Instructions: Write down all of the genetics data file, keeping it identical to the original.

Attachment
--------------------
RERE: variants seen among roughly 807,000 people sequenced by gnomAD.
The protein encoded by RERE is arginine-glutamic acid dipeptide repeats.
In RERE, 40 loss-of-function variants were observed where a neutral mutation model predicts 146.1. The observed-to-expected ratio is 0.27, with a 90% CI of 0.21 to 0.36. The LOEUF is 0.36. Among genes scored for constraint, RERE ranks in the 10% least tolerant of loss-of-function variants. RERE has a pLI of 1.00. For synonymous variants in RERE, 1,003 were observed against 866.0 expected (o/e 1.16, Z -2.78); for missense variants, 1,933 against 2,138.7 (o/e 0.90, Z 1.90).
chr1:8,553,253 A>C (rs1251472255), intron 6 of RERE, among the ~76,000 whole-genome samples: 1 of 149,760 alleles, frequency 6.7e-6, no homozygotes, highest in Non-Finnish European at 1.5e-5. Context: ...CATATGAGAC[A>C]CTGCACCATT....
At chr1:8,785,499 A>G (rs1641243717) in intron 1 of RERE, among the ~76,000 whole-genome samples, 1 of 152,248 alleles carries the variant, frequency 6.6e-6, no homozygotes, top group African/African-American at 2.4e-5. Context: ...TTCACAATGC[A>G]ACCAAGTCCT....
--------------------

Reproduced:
RERE: variants seen among roughly 807,000 people sequenced by gnomAD.
The protein encoded by RERE is arginine-glutamic acid dipeptide repeats.
In RERE, 40 loss-of-function variants were observed where a neutral mutation model predicts 146.1. The observed-to-expected ratio is 0.27, with a 90% CI of 0.21 to 0.36. The LOEUF is 0.36. Among genes scored for constraint, RERE ranks in the 10% least tolerant of loss-of-function variants. RERE has a pLI of 1.00. For synonymous variants in RERE, 1,003 were observed against 866.0 expected (o/e 1.16, Z -2.78); for missense variants, 1,933 against 2,138.7 (o/e 0.90, Z 1.90).
chr1:8,553,253 A>C (rs1251472255), intron 6 of RERE, among the ~76,000 whole-genome samples: 1 of 149,760 alleles, frequency 6.7e-6, no homozygotes, highest in Non-Finnish European at 1.5e-5. Context: ...CATATGAGAC[A>C]CTGCACCATT....
At chr1:8,785,499 A>G (rs1641243717) in intron 1 of RERE, among the ~76,000 whole-genome samples, 1 of 152,248 alleles carries the variant, frequency 6.6e-6, no homozygotes, top group African/African-American at 2.4e-5. Context: ...TTCACAATGC[A>G]ACCAAGTCCT....